power - 2004 by Jeeshim and KUCC625 Understanding the...

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© 2004 by Jeeshim and KUCC625 (11/28/2004) Understanding the Statistical Power: 1 http://mypage.iu.edu/~kucc625 Understanding the Statistical Power of a Test Hun Myoung Park Software Consultant UITS Center for Statistical and Mathematical Computing How powerful is my study (test)? How many observations do I need to have for what I want to get from the study? The statistical power analysis estimates the power of the test to detect a meaningful effect, given sample size, test size (significance level), and standardized effect size. Sample size analysis determines the sample size required to get a significant result, given statistical power, test size, and standardized effect size. These analyses examine the sensitivity of statistical power and sample size to other components, enabling researchers to efficiently use the research resources. 1. What Is a Hypothesis? A hypothesis is a specific conjecture (statement) about a property of population. There is a null hypothesis and an alternative (or research) hypothesis. Researchers often expect that evidence supports the alternative hypothesis. The null hypothesis, a specific baseline statement to be tested, usually takes such forms as “no effect” or “no difference.” 1 A hypothesis is either two-tailed (e.g., 0 : 0 = µ H ) or one-tailed (e.g., 0 : 0 H or 0 : 0 H ). 2 Three points deserve being taken into account in making a hypothesis. A hypothesis should be specific enough to be falsifiable; otherwise, the hypothesis cannot be tested successfully. Second, a hypothesis is a conjecture about a population (parameter), not about a sample (statistic). Thus, 0 : 0 = x H is not valid because we can compute and know the sample mean x from a sample. Finally, a valid hypothesis is not based on the sample to be used to test the hypothesis . This tautological logic does not generate any productive information. 3 2. Size and Power of a Test The size of a test , often called significance level , is the probability of Type I error. The Type I error occurs when a null hypothesis is rejected when it is true (Table 1). This test size is denoted by α ( alpha ). The 1- α is called the confidence level . 1 Because it is easy to calculate test statistics (standardized effect sizes) and interpret the test results (Murphy 1998). 2 (Mu) represents population mean, while x denotes sample mean. 3 This behavior, often called “data fishing,” just hunts a model that best fits the sample, not the population.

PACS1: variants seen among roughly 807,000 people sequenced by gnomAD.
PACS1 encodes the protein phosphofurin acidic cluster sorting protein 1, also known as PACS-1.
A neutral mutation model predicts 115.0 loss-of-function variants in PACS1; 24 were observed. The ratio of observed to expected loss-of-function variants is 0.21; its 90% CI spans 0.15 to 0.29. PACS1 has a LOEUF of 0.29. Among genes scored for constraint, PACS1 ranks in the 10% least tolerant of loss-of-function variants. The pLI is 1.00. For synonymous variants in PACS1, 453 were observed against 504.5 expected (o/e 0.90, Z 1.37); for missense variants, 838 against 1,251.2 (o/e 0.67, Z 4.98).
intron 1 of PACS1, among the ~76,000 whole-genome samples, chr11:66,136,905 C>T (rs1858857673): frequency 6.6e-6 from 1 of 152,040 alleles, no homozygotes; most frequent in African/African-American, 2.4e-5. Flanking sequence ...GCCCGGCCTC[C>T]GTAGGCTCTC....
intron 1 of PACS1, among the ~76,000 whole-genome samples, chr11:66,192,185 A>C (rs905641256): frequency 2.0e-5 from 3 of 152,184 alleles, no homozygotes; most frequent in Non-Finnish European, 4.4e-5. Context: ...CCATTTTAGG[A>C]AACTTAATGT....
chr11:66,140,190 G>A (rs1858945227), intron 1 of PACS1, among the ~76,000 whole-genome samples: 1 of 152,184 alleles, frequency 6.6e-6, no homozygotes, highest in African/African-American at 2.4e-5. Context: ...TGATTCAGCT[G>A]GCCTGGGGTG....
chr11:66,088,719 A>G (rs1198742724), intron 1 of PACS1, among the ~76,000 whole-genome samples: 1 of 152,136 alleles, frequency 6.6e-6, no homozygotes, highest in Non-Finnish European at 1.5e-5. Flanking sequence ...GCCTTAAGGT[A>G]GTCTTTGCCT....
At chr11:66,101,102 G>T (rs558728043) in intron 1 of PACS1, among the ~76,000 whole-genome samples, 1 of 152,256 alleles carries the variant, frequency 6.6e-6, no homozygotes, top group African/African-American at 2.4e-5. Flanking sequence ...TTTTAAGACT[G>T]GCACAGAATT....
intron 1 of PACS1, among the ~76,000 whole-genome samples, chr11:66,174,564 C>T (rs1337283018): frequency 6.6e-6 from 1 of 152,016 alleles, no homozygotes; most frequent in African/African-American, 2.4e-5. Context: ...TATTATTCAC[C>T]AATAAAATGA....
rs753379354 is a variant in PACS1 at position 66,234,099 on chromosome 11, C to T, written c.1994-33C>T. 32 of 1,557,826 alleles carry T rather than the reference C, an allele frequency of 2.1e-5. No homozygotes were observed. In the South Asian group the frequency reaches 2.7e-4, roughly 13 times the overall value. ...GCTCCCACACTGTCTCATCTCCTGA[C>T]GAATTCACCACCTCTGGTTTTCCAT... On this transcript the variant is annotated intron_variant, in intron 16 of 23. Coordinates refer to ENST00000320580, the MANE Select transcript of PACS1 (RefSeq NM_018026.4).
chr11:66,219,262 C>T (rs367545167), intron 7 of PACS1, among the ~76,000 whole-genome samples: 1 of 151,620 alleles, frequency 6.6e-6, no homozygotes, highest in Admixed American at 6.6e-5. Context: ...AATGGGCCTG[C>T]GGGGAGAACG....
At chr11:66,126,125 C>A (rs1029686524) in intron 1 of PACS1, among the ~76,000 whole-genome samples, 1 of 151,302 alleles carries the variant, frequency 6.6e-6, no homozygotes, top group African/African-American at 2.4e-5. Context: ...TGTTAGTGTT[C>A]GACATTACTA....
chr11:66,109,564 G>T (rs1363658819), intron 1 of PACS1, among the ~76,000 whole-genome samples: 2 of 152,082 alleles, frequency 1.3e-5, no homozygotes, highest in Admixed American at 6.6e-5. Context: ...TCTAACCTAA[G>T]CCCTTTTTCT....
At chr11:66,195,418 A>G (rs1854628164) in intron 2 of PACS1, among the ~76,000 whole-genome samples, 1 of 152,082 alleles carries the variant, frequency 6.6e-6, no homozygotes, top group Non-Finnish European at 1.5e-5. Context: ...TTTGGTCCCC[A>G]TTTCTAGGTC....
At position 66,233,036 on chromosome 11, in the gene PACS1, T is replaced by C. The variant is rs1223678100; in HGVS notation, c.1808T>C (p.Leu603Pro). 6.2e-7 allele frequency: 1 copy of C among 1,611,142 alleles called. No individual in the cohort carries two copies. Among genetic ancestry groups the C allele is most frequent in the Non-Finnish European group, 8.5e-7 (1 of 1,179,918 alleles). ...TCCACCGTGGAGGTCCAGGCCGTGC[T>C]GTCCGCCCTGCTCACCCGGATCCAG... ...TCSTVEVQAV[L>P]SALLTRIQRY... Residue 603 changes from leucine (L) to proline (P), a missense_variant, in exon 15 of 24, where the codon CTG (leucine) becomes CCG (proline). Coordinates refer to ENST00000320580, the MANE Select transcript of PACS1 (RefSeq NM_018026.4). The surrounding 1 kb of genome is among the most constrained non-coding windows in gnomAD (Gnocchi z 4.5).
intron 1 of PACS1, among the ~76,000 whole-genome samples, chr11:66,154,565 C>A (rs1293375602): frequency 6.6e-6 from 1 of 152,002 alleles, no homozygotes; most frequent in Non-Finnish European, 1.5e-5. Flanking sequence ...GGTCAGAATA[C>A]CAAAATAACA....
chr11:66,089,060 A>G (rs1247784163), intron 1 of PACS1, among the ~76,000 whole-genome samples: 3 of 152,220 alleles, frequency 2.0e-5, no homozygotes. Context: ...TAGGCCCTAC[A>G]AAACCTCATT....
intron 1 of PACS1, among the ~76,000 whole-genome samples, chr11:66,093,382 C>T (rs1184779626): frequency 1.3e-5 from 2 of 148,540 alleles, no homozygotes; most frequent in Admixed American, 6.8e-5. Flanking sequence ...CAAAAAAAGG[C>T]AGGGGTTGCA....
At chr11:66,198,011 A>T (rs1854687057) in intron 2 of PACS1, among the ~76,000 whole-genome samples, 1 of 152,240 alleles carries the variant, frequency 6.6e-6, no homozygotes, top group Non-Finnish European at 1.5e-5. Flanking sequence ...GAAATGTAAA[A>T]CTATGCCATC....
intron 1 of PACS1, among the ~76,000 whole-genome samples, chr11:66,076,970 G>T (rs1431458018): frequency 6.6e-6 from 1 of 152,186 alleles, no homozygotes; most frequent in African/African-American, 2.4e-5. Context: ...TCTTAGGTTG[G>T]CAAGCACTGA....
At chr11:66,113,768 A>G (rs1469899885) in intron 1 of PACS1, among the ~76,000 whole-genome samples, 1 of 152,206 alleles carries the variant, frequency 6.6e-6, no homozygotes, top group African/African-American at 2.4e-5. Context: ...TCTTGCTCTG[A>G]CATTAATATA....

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© 2004 by Jeeshim and KUCC625 (11/28/2004) Understanding the Statistical Power: 2 http://mypage.iu.edu/~kucc625 In a two-tailed test, the test size (significance level) is the sum of the two symmetric areas at the tails of a probability distribution. See the shaded areas of two standard normal distributions in Figure 1. These areas are called null hypothesis rejection regions in the sense that we reject the null hypothesis if a test statistic falls into these regions. The test size is a subjective criterion, although the .10, .05, and .01 levels are conventionally used.
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power - 2004 by Jeeshim and KUCC625 Understanding the...

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